The most recent incident involving Film Actor Anushka Sharma and Indian Cricketer Virat Kohli shaming an affluent bloke travelling in a luxury sedan yet shamelessly littering the Mumbai streets is a sharp case in point. To add insult to injury, the unrepentant, brazen fella calls the star and the cricketer ugly names when pulled up publicly for his uncouth act. He then, even more outrageously, goes out to play an uglier match on the Social media. The Anushka Sharma and the Littering Lout Social Media Wrangle

And that is us today, in a nutshell. The war is on. Go check your Social media feeds!


L. Aruna Dhir
L. Aruna Dhir
L. Aruna Dhir is a Hospitality & Feature Writer and Columnist for some of the world’s highest-ranked Hospitality publications. Her industry writings are syndicated to the finest global hospitality bodies and used as references in case studies and hotel schools. Aruna runs an exclusive channel on the award-winning media digest, BizCatalyst 360° called “Hospitality Matters” based on her hospitality industry insight and commentary. Aruna is a recognized and national-poll winning Corporate Communications Specialist, PR Strategist, and Writer. A seasoned hotelier, Aruna loves to present hospitality industry watch, insights, case studies, and analysis to her ever-increasing base of global readership. Aruna has over two decades of experience in Hospitality Communications and Brand Management and has worked with some of the best global hotel companies. In her last corporate role, Aruna was the Director – Public Relations at The Imperial New Delhi, where she was part of the core group and was responsible for re-launching The Imperial as one of the finest hotels in India and Asia. Aruna’s hotel experience includes leading the Marketing Communications and Public Relations portfolio for flagship properties at The Oberoi Group and Hyatt International. She also helped launch the Vilases as the uber-luxury experiences from the Oberoi stable. As an industry expert, Aruna has launched brands, developed training modules, created standardization dockets on business communication, written manuals, conducted Image Study & Positioning Analysis, and led media campaigns of Australian Ministers in India. Aruna Dhir’s successful work tenure with Australia’s Diplomatic Mission in India in the capacity of Media Relations Officer, saw her working on a host of never-done-before exciting projects including the hugely rewarding organisation of Australia-India New Horizons – Australia’s largest ever Country Promotion. Aruna Dhir is the first-ever Creative Writer for the Indian greeting cards giant – ARCHIES Greetings and Gifts Ltd. The milestone puts her in the league of Helen Steiner Rice and Amanda Bradley. While with the company she came out with several series of cards sold under her byline – an unprecedented feat that has not been repeated since. L. Aruna Dhir also dabbles in poetry and has to her credit two titles of Anthologies published and marketed by Archies G&G Ltd. Aruna serves on the Board of Association of Emerging Leaders Dialogues (AELD), a front-running Commonwealth Body that works towards developing leaders and influencers of tomorrow, with Princess Anne as its international President. Aruna has been engaged in freelance work for Doordarshan – the Indian National Television, All India Radio, and Times FM. Academically, L. Aruna Dhir topped at the All-India level in her PG Diploma in Public Relations and Advertising. Aruna has been a Ph.D. scholar at Jawaharlal Nehru University, akin to an Ivy League in India. She has earned a Senior Management Course Certification from the Oberoi Centre for Learning & Development in partnership with the University of Strathclyde, Glasgow; V Dimension Management Company, London & Asian Institute of Management, Manila, Philippines. Aruna Dhir has represented India to a select group of opinion-makers in the United States, as a Cultural Ambassador under the GSE Program of Rotary International. She has also participated in the IXth Commonwealth Study Conference held in Australia and chaired by Princess Anne. Aruna is a Life Member of the Public Relations Society of India A Freelance Writer since 1987, with articles that have appeared in India’s topmost newspapers and magazines, Aruna is also a blogger, a memoirist with works published on platforms like Medium and a Book reviewer on Goodreads. In her official and personal capacity L. Aruna Dhir has and continues to work on several social awareness projects – People for Animals, Earthquake Relief, National Blind Association, PETA, WSPA,, Friendicoes to name a few. Born at Allahabad (now Prayagraj), one of the world’s oldest known cities, L. Aruna Dhir grew up and did her schooling in Dehradun, regarded as a prominent seat of academia and literature. After being brought up in the sylvan surroundings of the verdant Doon valley, Aruna chose to make the Capital City of Delhi her second home.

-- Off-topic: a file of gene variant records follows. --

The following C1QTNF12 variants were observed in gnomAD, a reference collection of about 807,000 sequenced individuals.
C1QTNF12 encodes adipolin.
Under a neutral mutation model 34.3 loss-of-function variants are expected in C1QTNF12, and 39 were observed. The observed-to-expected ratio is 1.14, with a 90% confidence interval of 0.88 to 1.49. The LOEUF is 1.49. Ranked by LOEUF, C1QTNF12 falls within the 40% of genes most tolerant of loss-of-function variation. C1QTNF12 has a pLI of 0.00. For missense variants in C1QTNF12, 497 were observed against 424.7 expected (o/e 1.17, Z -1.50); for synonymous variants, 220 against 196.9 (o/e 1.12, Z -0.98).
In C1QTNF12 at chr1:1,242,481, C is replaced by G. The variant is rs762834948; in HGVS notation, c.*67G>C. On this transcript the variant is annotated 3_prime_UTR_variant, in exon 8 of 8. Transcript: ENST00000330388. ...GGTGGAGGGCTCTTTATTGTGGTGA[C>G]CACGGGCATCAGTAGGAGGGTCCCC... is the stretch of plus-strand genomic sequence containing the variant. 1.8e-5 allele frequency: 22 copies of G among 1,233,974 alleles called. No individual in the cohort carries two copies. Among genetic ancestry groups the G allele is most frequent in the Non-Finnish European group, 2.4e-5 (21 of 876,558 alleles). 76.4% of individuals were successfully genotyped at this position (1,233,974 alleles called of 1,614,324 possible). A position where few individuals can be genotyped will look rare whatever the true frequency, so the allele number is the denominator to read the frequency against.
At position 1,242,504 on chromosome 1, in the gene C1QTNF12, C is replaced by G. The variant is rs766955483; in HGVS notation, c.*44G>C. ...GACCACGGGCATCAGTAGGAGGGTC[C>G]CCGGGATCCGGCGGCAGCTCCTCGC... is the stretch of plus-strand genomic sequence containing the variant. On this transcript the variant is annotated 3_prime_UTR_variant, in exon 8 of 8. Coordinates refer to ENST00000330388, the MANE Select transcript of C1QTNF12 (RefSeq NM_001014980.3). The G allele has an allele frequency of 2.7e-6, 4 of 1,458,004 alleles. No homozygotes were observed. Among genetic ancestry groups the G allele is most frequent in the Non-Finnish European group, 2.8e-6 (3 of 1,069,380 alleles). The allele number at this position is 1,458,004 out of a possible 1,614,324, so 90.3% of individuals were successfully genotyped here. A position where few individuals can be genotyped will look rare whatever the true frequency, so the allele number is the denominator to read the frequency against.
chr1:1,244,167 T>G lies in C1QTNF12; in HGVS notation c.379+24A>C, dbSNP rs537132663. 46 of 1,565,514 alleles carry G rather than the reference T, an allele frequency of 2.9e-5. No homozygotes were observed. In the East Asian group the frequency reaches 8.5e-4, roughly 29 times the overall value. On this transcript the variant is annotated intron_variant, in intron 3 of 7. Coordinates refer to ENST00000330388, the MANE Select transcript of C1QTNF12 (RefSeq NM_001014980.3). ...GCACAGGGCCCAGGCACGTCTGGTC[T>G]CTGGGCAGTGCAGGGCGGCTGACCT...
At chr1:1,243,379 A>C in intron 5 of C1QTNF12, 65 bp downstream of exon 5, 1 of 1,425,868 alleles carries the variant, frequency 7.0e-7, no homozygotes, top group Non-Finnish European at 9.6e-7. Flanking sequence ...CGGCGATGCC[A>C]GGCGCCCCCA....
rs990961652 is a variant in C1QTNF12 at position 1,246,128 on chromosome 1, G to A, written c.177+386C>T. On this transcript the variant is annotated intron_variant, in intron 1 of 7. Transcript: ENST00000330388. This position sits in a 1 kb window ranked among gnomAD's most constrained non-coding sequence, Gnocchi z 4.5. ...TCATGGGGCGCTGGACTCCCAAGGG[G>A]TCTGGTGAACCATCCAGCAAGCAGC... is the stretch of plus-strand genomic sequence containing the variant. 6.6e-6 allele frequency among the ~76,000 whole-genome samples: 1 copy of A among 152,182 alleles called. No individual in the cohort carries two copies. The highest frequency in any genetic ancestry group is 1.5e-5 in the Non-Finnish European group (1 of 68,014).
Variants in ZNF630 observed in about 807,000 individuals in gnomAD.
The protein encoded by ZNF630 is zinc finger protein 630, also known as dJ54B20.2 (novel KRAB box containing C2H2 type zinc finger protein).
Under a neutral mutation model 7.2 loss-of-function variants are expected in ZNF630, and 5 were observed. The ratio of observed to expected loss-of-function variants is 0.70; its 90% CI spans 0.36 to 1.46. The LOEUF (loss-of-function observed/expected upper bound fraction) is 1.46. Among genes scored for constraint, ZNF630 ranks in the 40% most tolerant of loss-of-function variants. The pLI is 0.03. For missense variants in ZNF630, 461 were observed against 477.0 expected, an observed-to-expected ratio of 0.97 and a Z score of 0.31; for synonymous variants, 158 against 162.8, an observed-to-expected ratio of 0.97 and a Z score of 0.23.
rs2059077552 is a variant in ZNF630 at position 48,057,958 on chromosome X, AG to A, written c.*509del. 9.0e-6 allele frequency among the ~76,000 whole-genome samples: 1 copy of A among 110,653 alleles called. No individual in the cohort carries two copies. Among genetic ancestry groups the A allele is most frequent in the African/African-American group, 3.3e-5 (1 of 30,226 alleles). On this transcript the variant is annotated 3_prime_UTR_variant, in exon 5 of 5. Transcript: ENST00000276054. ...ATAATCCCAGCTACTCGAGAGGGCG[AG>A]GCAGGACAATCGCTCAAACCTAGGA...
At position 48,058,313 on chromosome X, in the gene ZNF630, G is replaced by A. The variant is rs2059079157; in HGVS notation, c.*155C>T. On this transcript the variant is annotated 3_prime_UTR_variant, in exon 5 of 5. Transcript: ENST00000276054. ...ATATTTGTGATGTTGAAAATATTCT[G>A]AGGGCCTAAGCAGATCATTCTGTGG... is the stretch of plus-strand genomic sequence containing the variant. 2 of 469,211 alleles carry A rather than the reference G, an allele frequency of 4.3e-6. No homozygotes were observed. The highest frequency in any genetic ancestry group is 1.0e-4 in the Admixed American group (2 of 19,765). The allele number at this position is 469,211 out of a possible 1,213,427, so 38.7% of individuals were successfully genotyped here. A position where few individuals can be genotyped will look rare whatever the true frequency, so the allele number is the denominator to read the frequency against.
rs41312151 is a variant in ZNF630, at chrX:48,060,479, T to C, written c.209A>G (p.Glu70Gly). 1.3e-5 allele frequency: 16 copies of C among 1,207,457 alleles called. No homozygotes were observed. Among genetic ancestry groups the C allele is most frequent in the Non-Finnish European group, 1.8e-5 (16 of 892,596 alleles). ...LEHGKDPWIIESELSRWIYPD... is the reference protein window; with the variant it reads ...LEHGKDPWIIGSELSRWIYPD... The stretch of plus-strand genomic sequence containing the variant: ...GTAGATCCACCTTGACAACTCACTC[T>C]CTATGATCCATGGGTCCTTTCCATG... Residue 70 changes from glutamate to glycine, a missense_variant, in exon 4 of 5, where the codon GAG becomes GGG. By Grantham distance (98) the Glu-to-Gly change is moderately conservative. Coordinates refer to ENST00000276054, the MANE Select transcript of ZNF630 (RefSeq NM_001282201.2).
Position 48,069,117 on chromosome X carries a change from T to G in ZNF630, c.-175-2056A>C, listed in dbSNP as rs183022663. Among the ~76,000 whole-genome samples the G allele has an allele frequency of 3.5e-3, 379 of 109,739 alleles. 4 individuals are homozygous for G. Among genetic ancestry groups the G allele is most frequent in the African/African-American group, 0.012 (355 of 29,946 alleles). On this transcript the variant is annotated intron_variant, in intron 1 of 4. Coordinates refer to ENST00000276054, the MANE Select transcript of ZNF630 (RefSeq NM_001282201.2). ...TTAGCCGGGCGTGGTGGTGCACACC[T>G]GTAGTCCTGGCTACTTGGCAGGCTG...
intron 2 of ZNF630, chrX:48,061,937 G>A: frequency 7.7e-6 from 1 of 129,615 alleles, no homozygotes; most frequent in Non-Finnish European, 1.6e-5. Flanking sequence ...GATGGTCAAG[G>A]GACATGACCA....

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  1. Fortunately, the number of people that write an unreasonably negative post on TripAdvisor (and other such sites) is pretty small. Many use TripAdvisor as a major source of information when picking a hotel or restaurant, and justifiably so. Christina is a major writer on that site and has a following of over 60,000. With that kind of influence, she is very careful in making negative comments and always tries to balance those with something good. I think most people can tell a truthful post from one that is an unreasonable rant. One of my pet peeves relative to management responses is the infamous “canned” response. Very obvious and very phony. It simply says “yea, yea, we don’t really care”.

    • Hello Ken! The internet and these sites are teeming with people who will run to write a negative comment at the drop of a hat. Most hoteliers rue the lurking of such pestful behaviour.

      Having said that, I agree there are many established influencers like Christina who will say it how it is and not really “do-in” a brand just to get a discount or arm twist.

      And yes, in this duel, the only thing as bad as a false and negative review put up with an ulterior motive is a Brand’s cookie cutter. bot like response, which like you say, states ‘we really don’t care.’